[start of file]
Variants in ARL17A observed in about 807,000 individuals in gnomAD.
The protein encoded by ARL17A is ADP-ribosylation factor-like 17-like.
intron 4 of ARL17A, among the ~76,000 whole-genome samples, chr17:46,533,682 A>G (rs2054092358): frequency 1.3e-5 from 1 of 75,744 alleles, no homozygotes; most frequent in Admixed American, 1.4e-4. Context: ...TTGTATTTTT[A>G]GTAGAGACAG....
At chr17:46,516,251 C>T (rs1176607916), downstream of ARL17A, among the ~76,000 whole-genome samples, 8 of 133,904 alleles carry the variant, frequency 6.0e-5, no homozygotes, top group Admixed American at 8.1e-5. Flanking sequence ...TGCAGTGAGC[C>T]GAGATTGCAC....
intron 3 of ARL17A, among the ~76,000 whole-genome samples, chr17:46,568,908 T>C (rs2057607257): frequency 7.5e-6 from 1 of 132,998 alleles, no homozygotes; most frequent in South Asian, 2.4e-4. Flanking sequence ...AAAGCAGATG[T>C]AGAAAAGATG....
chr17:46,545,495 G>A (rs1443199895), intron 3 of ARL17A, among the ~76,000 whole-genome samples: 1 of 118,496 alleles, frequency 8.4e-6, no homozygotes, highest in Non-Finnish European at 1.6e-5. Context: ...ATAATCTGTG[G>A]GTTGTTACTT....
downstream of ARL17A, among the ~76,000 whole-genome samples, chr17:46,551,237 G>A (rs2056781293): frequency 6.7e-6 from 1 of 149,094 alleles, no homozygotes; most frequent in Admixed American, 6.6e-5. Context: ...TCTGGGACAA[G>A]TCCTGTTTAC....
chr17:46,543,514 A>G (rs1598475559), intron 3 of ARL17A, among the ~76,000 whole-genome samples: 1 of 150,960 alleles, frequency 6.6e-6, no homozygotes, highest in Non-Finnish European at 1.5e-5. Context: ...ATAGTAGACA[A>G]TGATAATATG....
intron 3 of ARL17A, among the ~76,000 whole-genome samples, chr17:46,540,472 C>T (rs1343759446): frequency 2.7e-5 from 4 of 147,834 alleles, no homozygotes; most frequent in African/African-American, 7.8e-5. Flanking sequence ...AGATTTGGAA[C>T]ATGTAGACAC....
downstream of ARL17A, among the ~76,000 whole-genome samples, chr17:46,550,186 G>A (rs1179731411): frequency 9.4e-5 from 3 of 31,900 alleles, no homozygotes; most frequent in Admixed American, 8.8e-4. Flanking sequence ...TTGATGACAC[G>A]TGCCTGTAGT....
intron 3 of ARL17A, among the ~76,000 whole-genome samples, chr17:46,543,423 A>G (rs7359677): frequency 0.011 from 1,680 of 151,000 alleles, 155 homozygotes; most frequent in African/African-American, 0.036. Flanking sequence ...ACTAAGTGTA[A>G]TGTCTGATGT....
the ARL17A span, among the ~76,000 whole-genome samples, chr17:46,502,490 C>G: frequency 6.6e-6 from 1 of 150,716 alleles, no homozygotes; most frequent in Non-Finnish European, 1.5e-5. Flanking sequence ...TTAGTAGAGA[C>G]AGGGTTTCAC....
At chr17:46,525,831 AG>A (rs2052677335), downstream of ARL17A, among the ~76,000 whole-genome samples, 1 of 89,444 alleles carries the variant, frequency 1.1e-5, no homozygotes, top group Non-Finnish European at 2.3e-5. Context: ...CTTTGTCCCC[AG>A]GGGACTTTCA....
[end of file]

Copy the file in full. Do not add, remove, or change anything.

Variants in ARL17A observed in about 807,000 individuals in gnomAD.
The protein encoded by ARL17A is ADP-ribosylation factor-like 17-like.
intron 4 of ARL17A, among the ~76,000 whole-genome samples, chr17:46,533,682 A>G (rs2054092358): frequency 1.3e-5 from 1 of 75,744 alleles, no homozygotes; most frequent in Admixed American, 1.4e-4. Context: ...TTGTATTTTT[A>G]GTAGAGACAG....
At chr17:46,516,251 C>T (rs1176607916), downstream of ARL17A, among the ~76,000 whole-genome samples, 8 of 133,904 alleles carry the variant, frequency 6.0e-5, no homozygotes, top group Admixed American at 8.1e-5. Flanking sequence ...TGCAGTGAGC[C>T]GAGATTGCAC....
intron 3 of ARL17A, among the ~76,000 whole-genome samples, chr17:46,568,908 T>C (rs2057607257): frequency 7.5e-6 from 1 of 132,998 alleles, no homozygotes; most frequent in South Asian, 2.4e-4. Flanking sequence ...AAAGCAGATG[T>C]AGAAAAGATG....
chr17:46,545,495 G>A (rs1443199895), intron 3 of ARL17A, among the ~76,000 whole-genome samples: 1 of 118,496 alleles, frequency 8.4e-6, no homozygotes, highest in Non-Finnish European at 1.6e-5. Context: ...ATAATCTGTG[G>A]GTTGTTACTT....
downstream of ARL17A, among the ~76,000 whole-genome samples, chr17:46,551,237 G>A (rs2056781293): frequency 6.7e-6 from 1 of 149,094 alleles, no homozygotes; most frequent in Admixed American, 6.6e-5. Context: ...TCTGGGACAA[G>A]TCCTGTTTAC....
chr17:46,543,514 A>G (rs1598475559), intron 3 of ARL17A, among the ~76,000 whole-genome samples: 1 of 150,960 alleles, frequency 6.6e-6, no homozygotes, highest in Non-Finnish European at 1.5e-5. Context: ...ATAGTAGACA[A>G]TGATAATATG....
intron 3 of ARL17A, among the ~76,000 whole-genome samples, chr17:46,540,472 C>T (rs1343759446): frequency 2.7e-5 from 4 of 147,834 alleles, no homozygotes; most frequent in African/African-American, 7.8e-5. Flanking sequence ...AGATTTGGAA[C>T]ATGTAGACAC....
downstream of ARL17A, among the ~76,000 whole-genome samples, chr17:46,550,186 G>A (rs1179731411): frequency 9.4e-5 from 3 of 31,900 alleles, no homozygotes; most frequent in Admixed American, 8.8e-4. Flanking sequence ...TTGATGACAC[G>A]TGCCTGTAGT....
intron 3 of ARL17A, among the ~76,000 whole-genome samples, chr17:46,543,423 A>G (rs7359677): frequency 0.011 from 1,680 of 151,000 alleles, 155 homozygotes; most frequent in African/African-American, 0.036. Flanking sequence ...ACTAAGTGTA[A>G]TGTCTGATGT....
the ARL17A span, among the ~76,000 whole-genome samples, chr17:46,502,490 C>G: frequency 6.6e-6 from 1 of 150,716 alleles, no homozygotes; most frequent in Non-Finnish European, 1.5e-5. Flanking sequence ...TTAGTAGAGA[C>G]AGGGTTTCAC....
At chr17:46,525,831 AG>A (rs2052677335), downstream of ARL17A, among the ~76,000 whole-genome samples, 1 of 89,444 alleles carries the variant, frequency 1.1e-5, no homozygotes, top group Non-Finnish European at 2.3e-5. Context: ...CTTTGTCCCC[AG>A]GGGACTTTCA....